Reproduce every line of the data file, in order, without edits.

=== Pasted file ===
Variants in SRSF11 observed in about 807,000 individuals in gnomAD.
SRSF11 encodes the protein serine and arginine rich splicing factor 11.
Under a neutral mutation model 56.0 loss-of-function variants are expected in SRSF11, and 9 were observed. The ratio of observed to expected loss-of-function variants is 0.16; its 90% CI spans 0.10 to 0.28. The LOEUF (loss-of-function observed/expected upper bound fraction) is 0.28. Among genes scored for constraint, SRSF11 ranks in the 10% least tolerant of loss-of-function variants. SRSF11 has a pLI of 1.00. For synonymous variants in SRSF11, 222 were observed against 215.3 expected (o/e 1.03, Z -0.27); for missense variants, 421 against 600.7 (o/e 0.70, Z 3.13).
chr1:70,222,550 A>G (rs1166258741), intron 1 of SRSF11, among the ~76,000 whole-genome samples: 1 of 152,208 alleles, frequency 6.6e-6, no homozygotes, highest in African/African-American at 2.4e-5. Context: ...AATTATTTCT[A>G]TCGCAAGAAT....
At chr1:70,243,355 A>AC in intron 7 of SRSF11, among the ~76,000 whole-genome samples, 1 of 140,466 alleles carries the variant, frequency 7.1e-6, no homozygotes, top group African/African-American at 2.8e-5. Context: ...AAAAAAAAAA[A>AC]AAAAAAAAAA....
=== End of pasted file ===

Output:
Variants in SRSF11 observed in about 807,000 individuals in gnomAD.
SRSF11 encodes the protein serine and arginine rich splicing factor 11.
Under a neutral mutation model 56.0 loss-of-function variants are expected in SRSF11, and 9 were observed. The ratio of observed to expected loss-of-function variants is 0.16; its 90% CI spans 0.10 to 0.28. The LOEUF (loss-of-function observed/expected upper bound fraction) is 0.28. Among genes scored for constraint, SRSF11 ranks in the 10% least tolerant of loss-of-function variants. SRSF11 has a pLI of 1.00. For synonymous variants in SRSF11, 222 were observed against 215.3 expected (o/e 1.03, Z -0.27); for missense variants, 421 against 600.7 (o/e 0.70, Z 3.13).
chr1:70,222,550 A>G (rs1166258741), intron 1 of SRSF11, among the ~76,000 whole-genome samples: 1 of 152,208 alleles, frequency 6.6e-6, no homozygotes, highest in African/African-American at 2.4e-5. Context: ...AATTATTTCT[A>G]TCGCAAGAAT....
At chr1:70,243,355 A>AC in intron 7 of SRSF11, among the ~76,000 whole-genome samples, 1 of 140,466 alleles carries the variant, frequency 7.1e-6, no homozygotes, top group African/African-American at 2.8e-5. Context: ...AAAAAAAAAA[A>AC]AAAAAAAAAA....